7:14 am
those details. great to have you all with us this morning, love this conversation. still to come for us, republicans praising the president's performance. but we were just talking about it, what are they going to do now? we will hear from one republican congressman to see his advice to the president going forward. also, president trump's plan to spend big, big, we're talking a trillion dollars, folks, on infrastructure. some democrats certainly like that. some republicans say how are you going to pay for it. can this country afford it? what does he mean when he says a public-private partnership, the actual economics behind it, straight ahead. ables. wait for it. in about five minutes you get delicious, premium veggies, steamed to perfection. now! ♪ ahhhhhhhhhhh... mmmm heavenly, right? birds eye steamfresh. so veggie good. youthat's why you drink ensure. sidelined. with 9 grams of protein and 26 vitamins and minerals.
7:15 am
for the strength and energy to get back to doing... ...what you love. ensure. always be you. [and her new business: i do, to jeanetgo. jeanette was excellent at marrying people. but had trouble getting paid. not a good time, jeanette. even worse. now i'm uncomfortable. but here's the good news, jeanette got quickbooks. send that invoice, jeanette. looks like they viewed it. and, ta-da! paid twice as fast. oh, she's an efficient officiant. way to grow, jeanette. new. get paid twice as fast for free. visit quickbooks-dot-com.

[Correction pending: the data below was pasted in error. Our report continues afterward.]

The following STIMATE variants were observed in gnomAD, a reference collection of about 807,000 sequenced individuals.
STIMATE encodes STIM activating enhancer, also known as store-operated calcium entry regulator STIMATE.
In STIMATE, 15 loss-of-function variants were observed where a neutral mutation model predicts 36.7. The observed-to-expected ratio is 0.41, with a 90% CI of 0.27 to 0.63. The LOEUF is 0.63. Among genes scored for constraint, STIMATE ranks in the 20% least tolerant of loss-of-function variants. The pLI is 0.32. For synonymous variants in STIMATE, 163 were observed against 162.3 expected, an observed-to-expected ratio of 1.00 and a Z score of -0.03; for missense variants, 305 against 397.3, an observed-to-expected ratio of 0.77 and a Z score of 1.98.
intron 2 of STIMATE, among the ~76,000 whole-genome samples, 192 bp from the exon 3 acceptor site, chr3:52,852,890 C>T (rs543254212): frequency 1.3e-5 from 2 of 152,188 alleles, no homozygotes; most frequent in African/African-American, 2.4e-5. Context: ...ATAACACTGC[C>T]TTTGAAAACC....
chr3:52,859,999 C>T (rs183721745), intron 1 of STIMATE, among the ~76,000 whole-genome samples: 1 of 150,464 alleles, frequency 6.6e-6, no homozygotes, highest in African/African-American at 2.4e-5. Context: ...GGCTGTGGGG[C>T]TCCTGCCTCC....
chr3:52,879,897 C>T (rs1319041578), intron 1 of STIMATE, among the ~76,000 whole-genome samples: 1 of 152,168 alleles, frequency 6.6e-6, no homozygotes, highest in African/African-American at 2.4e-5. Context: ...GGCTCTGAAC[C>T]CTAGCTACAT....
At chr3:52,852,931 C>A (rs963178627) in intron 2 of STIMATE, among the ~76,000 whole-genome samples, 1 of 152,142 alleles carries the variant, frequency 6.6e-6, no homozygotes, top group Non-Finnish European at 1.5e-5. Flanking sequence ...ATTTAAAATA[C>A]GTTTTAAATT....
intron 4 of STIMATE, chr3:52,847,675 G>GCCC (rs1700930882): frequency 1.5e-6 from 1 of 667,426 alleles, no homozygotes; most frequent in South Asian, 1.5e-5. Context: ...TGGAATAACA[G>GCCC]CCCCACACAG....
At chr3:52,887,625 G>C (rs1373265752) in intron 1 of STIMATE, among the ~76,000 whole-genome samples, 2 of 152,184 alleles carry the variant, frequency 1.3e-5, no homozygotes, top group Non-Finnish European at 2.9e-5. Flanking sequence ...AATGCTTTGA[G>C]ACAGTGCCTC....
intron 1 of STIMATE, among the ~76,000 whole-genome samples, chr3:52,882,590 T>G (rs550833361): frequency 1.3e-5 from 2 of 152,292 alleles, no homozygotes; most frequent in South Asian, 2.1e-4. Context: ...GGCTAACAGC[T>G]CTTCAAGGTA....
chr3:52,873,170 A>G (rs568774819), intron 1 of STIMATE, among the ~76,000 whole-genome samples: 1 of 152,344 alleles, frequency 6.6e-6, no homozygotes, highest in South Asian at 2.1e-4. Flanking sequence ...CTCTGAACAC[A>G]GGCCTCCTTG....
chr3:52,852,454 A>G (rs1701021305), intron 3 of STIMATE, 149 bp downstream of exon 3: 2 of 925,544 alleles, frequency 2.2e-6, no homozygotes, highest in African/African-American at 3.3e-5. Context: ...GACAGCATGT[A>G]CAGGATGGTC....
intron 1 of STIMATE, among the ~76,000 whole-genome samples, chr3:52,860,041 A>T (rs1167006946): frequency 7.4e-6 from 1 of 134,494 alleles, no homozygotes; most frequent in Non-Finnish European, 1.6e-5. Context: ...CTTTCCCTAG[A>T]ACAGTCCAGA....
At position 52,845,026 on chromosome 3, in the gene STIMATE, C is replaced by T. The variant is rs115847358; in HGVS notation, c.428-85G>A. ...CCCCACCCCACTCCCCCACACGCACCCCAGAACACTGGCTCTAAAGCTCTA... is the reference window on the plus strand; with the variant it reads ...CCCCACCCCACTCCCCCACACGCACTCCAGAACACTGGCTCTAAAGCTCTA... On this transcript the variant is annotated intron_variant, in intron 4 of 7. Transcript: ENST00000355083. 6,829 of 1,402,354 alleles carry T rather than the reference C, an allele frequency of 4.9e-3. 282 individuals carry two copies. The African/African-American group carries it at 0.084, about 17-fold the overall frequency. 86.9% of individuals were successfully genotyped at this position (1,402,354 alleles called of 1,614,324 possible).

7:16 am
of bad breath germs% for a 100% fresh mouth. feeling 100% means you feel bold enough to... ...assist a magician... ...or dance. listerine®. bring out the bold™ my mmade a simple trip toonic the grocery storesis anything but simple. so i had an important conversation with my dermatologist about humira.
7:17 am